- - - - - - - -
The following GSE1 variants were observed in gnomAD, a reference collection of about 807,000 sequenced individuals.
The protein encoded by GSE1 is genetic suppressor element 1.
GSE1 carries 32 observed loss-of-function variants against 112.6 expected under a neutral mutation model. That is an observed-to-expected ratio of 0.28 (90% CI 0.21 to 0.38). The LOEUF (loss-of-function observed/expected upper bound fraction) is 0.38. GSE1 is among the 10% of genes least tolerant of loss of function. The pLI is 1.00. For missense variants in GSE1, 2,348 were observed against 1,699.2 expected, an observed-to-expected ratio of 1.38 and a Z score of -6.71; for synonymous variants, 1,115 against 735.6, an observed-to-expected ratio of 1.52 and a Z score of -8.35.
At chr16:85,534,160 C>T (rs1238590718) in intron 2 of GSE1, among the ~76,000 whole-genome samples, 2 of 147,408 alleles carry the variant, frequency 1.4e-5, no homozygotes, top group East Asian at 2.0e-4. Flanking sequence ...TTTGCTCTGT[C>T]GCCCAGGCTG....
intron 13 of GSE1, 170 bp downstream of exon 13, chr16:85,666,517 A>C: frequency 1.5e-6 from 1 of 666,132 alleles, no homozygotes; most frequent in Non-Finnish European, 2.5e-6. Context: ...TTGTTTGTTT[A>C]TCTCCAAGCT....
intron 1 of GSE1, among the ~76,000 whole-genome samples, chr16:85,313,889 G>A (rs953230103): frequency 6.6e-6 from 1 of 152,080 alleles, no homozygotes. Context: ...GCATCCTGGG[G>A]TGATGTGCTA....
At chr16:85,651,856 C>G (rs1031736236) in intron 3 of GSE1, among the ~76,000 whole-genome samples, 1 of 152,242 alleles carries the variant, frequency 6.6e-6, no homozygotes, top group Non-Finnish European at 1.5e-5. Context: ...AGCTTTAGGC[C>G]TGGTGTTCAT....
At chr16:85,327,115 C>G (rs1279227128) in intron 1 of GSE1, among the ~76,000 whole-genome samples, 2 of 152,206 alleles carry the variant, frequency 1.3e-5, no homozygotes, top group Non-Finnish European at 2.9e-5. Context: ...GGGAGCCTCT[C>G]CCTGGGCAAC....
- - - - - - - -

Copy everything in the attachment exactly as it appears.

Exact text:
The following GSE1 variants were observed in gnomAD, a reference collection of about 807,000 sequenced individuals.
The protein encoded by GSE1 is genetic suppressor element 1.
GSE1 carries 32 observed loss-of-function variants against 112.6 expected under a neutral mutation model. That is an observed-to-expected ratio of 0.28 (90% CI 0.21 to 0.38). The LOEUF (loss-of-function observed/expected upper bound fraction) is 0.38. GSE1 is among the 10% of genes least tolerant of loss of function. The pLI is 1.00. For missense variants in GSE1, 2,348 were observed against 1,699.2 expected, an observed-to-expected ratio of 1.38 and a Z score of -6.71; for synonymous variants, 1,115 against 735.6, an observed-to-expected ratio of 1.52 and a Z score of -8.35.
At chr16:85,534,160 C>T (rs1238590718) in intron 2 of GSE1, among the ~76,000 whole-genome samples, 2 of 147,408 alleles carry the variant, frequency 1.4e-5, no homozygotes, top group East Asian at 2.0e-4. Flanking sequence ...TTTGCTCTGT[C>T]GCCCAGGCTG....
intron 13 of GSE1, 170 bp downstream of exon 13, chr16:85,666,517 A>C: frequency 1.5e-6 from 1 of 666,132 alleles, no homozygotes; most frequent in Non-Finnish European, 2.5e-6. Context: ...TTGTTTGTTT[A>C]TCTCCAAGCT....
intron 1 of GSE1, among the ~76,000 whole-genome samples, chr16:85,313,889 G>A (rs953230103): frequency 6.6e-6 from 1 of 152,080 alleles, no homozygotes. Context: ...GCATCCTGGG[G>A]TGATGTGCTA....
At chr16:85,651,856 C>G (rs1031736236) in intron 3 of GSE1, among the ~76,000 whole-genome samples, 1 of 152,242 alleles carries the variant, frequency 6.6e-6, no homozygotes, top group Non-Finnish European at 1.5e-5. Context: ...AGCTTTAGGC[C>G]TGGTGTTCAT....
At chr16:85,327,115 C>G (rs1279227128) in intron 1 of GSE1, among the ~76,000 whole-genome samples, 2 of 152,206 alleles carry the variant, frequency 1.3e-5, no homozygotes, top group Non-Finnish European at 2.9e-5. Context: ...GGGAGCCTCT[C>G]CCTGGGCAAC....